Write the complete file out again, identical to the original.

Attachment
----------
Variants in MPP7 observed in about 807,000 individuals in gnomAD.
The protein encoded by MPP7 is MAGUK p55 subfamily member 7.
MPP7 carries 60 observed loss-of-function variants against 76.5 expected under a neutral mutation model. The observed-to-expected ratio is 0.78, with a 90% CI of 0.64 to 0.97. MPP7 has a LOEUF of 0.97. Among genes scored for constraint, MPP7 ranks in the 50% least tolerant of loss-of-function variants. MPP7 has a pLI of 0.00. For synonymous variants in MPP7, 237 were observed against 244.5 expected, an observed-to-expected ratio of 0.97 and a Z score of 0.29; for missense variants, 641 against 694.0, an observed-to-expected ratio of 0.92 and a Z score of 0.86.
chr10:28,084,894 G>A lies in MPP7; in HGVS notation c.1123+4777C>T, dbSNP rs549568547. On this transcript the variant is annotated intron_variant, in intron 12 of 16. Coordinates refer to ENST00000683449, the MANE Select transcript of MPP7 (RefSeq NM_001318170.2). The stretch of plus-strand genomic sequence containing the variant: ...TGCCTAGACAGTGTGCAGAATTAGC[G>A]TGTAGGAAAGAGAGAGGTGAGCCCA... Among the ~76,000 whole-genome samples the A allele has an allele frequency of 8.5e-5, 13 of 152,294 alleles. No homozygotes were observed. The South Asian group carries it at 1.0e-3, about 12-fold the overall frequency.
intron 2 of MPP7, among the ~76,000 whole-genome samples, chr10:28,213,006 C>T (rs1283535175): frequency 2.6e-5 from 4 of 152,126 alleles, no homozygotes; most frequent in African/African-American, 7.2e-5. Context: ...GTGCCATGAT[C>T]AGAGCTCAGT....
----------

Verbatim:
Variants in MPP7 observed in about 807,000 individuals in gnomAD.
The protein encoded by MPP7 is MAGUK p55 subfamily member 7.
MPP7 carries 60 observed loss-of-function variants against 76.5 expected under a neutral mutation model. The observed-to-expected ratio is 0.78, with a 90% CI of 0.64 to 0.97. MPP7 has a LOEUF of 0.97. Among genes scored for constraint, MPP7 ranks in the 50% least tolerant of loss-of-function variants. MPP7 has a pLI of 0.00. For synonymous variants in MPP7, 237 were observed against 244.5 expected, an observed-to-expected ratio of 0.97 and a Z score of 0.29; for missense variants, 641 against 694.0, an observed-to-expected ratio of 0.92 and a Z score of 0.86.
chr10:28,084,894 G>A lies in MPP7; in HGVS notation c.1123+4777C>T, dbSNP rs549568547. On this transcript the variant is annotated intron_variant, in intron 12 of 16. Coordinates refer to ENST00000683449, the MANE Select transcript of MPP7 (RefSeq NM_001318170.2). The stretch of plus-strand genomic sequence containing the variant: ...TGCCTAGACAGTGTGCAGAATTAGC[G>A]TGTAGGAAAGAGAGAGGTGAGCCCA... Among the ~76,000 whole-genome samples the A allele has an allele frequency of 8.5e-5, 13 of 152,294 alleles. No homozygotes were observed. The South Asian group carries it at 1.0e-3, about 12-fold the overall frequency.
intron 2 of MPP7, among the ~76,000 whole-genome samples, chr10:28,213,006 C>T (rs1283535175): frequency 2.6e-5 from 4 of 152,126 alleles, no homozygotes; most frequent in African/African-American, 7.2e-5. Context: ...GTGCCATGAT[C>T]AGAGCTCAGT....